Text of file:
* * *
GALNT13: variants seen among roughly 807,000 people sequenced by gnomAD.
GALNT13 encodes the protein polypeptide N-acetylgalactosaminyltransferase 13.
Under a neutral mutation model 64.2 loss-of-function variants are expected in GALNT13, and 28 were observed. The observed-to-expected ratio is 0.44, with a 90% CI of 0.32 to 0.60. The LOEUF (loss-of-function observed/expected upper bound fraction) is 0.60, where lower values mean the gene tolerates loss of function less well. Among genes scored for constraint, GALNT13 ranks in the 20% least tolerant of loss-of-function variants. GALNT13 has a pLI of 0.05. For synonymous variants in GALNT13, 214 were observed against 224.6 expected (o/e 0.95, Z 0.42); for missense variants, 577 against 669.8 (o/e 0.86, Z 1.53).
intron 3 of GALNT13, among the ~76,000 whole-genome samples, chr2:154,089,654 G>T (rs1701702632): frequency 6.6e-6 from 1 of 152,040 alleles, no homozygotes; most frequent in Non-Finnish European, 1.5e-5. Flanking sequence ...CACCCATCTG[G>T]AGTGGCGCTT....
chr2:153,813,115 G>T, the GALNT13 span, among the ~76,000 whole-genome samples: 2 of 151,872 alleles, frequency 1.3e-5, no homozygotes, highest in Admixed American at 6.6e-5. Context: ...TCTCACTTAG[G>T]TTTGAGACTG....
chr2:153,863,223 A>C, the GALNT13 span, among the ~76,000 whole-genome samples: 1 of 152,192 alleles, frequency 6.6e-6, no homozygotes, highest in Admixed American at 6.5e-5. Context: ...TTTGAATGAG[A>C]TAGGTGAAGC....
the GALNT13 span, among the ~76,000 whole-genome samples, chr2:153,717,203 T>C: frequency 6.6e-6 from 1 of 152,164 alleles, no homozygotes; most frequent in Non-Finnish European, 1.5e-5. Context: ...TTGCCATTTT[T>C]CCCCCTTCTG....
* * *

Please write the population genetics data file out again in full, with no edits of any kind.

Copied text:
GALNT13: variants seen among roughly 807,000 people sequenced by gnomAD.
GALNT13 encodes the protein polypeptide N-acetylgalactosaminyltransferase 13.
Under a neutral mutation model 64.2 loss-of-function variants are expected in GALNT13, and 28 were observed. The observed-to-expected ratio is 0.44, with a 90% CI of 0.32 to 0.60. The LOEUF (loss-of-function observed/expected upper bound fraction) is 0.60, where lower values mean the gene tolerates loss of function less well. Among genes scored for constraint, GALNT13 ranks in the 20% least tolerant of loss-of-function variants. GALNT13 has a pLI of 0.05. For synonymous variants in GALNT13, 214 were observed against 224.6 expected (o/e 0.95, Z 0.42); for missense variants, 577 against 669.8 (o/e 0.86, Z 1.53).
intron 3 of GALNT13, among the ~76,000 whole-genome samples, chr2:154,089,654 G>T (rs1701702632): frequency 6.6e-6 from 1 of 152,040 alleles, no homozygotes; most frequent in Non-Finnish European, 1.5e-5. Flanking sequence ...CACCCATCTG[G>T]AGTGGCGCTT....
chr2:153,813,115 G>T, the GALNT13 span, among the ~76,000 whole-genome samples: 2 of 151,872 alleles, frequency 1.3e-5, no homozygotes, highest in Admixed American at 6.6e-5. Context: ...TCTCACTTAG[G>T]TTTGAGACTG....
chr2:153,863,223 A>C, the GALNT13 span, among the ~76,000 whole-genome samples: 1 of 152,192 alleles, frequency 6.6e-6, no homozygotes, highest in Admixed American at 6.5e-5. Context: ...TTTGAATGAG[A>C]TAGGTGAAGC....
the GALNT13 span, among the ~76,000 whole-genome samples, chr2:153,717,203 T>C: frequency 6.6e-6 from 1 of 152,164 alleles, no homozygotes; most frequent in Non-Finnish European, 1.5e-5. Context: ...TTGCCATTTT[T>C]CCCCCTTCTG....